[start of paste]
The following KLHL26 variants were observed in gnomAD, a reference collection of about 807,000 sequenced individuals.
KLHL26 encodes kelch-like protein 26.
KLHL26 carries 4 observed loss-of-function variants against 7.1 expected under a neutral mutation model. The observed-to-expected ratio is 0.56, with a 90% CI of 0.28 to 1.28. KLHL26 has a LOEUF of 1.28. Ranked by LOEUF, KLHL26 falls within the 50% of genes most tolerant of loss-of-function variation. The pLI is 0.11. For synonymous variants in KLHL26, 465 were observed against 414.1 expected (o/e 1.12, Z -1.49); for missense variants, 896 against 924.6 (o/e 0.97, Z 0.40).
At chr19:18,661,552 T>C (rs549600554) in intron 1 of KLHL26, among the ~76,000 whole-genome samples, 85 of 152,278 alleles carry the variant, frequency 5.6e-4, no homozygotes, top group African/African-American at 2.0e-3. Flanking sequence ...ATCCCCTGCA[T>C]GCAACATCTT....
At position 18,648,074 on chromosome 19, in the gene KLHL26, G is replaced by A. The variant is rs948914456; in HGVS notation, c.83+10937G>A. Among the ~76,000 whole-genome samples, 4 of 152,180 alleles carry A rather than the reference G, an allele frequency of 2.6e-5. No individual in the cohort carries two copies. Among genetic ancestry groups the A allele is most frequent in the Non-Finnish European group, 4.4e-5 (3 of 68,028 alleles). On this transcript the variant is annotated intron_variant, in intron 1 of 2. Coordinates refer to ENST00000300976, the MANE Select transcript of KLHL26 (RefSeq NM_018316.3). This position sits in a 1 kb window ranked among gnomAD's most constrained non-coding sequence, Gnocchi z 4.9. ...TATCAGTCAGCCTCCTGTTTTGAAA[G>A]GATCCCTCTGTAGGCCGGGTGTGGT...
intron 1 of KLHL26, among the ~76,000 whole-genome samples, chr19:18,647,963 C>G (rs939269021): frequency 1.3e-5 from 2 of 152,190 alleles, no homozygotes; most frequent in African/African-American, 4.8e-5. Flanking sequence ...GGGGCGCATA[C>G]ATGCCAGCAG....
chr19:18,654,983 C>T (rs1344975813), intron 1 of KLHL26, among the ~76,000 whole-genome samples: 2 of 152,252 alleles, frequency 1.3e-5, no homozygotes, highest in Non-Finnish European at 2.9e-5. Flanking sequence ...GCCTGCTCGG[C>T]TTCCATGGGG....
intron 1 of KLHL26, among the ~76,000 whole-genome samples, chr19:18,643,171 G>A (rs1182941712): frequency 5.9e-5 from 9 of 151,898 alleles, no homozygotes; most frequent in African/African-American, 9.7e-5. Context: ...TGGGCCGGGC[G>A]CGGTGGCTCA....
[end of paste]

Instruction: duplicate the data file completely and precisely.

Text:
The following KLHL26 variants were observed in gnomAD, a reference collection of about 807,000 sequenced individuals.
KLHL26 encodes kelch-like protein 26.
KLHL26 carries 4 observed loss-of-function variants against 7.1 expected under a neutral mutation model. The observed-to-expected ratio is 0.56, with a 90% CI of 0.28 to 1.28. KLHL26 has a LOEUF of 1.28. Ranked by LOEUF, KLHL26 falls within the 50% of genes most tolerant of loss-of-function variation. The pLI is 0.11. For synonymous variants in KLHL26, 465 were observed against 414.1 expected (o/e 1.12, Z -1.49); for missense variants, 896 against 924.6 (o/e 0.97, Z 0.40).
At chr19:18,661,552 T>C (rs549600554) in intron 1 of KLHL26, among the ~76,000 whole-genome samples, 85 of 152,278 alleles carry the variant, frequency 5.6e-4, no homozygotes, top group African/African-American at 2.0e-3. Flanking sequence ...ATCCCCTGCA[T>C]GCAACATCTT....
At position 18,648,074 on chromosome 19, in the gene KLHL26, G is replaced by A. The variant is rs948914456; in HGVS notation, c.83+10937G>A. Among the ~76,000 whole-genome samples, 4 of 152,180 alleles carry A rather than the reference G, an allele frequency of 2.6e-5. No individual in the cohort carries two copies. Among genetic ancestry groups the A allele is most frequent in the Non-Finnish European group, 4.4e-5 (3 of 68,028 alleles). On this transcript the variant is annotated intron_variant, in intron 1 of 2. Coordinates refer to ENST00000300976, the MANE Select transcript of KLHL26 (RefSeq NM_018316.3). This position sits in a 1 kb window ranked among gnomAD's most constrained non-coding sequence, Gnocchi z 4.9. ...TATCAGTCAGCCTCCTGTTTTGAAA[G>A]GATCCCTCTGTAGGCCGGGTGTGGT...
intron 1 of KLHL26, among the ~76,000 whole-genome samples, chr19:18,647,963 C>G (rs939269021): frequency 1.3e-5 from 2 of 152,190 alleles, no homozygotes; most frequent in African/African-American, 4.8e-5. Flanking sequence ...GGGGCGCATA[C>G]ATGCCAGCAG....
chr19:18,654,983 C>T (rs1344975813), intron 1 of KLHL26, among the ~76,000 whole-genome samples: 2 of 152,252 alleles, frequency 1.3e-5, no homozygotes, highest in Non-Finnish European at 2.9e-5. Flanking sequence ...GCCTGCTCGG[C>T]TTCCATGGGG....
intron 1 of KLHL26, among the ~76,000 whole-genome samples, chr19:18,643,171 G>A (rs1182941712): frequency 5.9e-5 from 9 of 151,898 alleles, no homozygotes; most frequent in African/African-American, 9.7e-5. Context: ...TGGGCCGGGC[G>A]CGGTGGCTCA....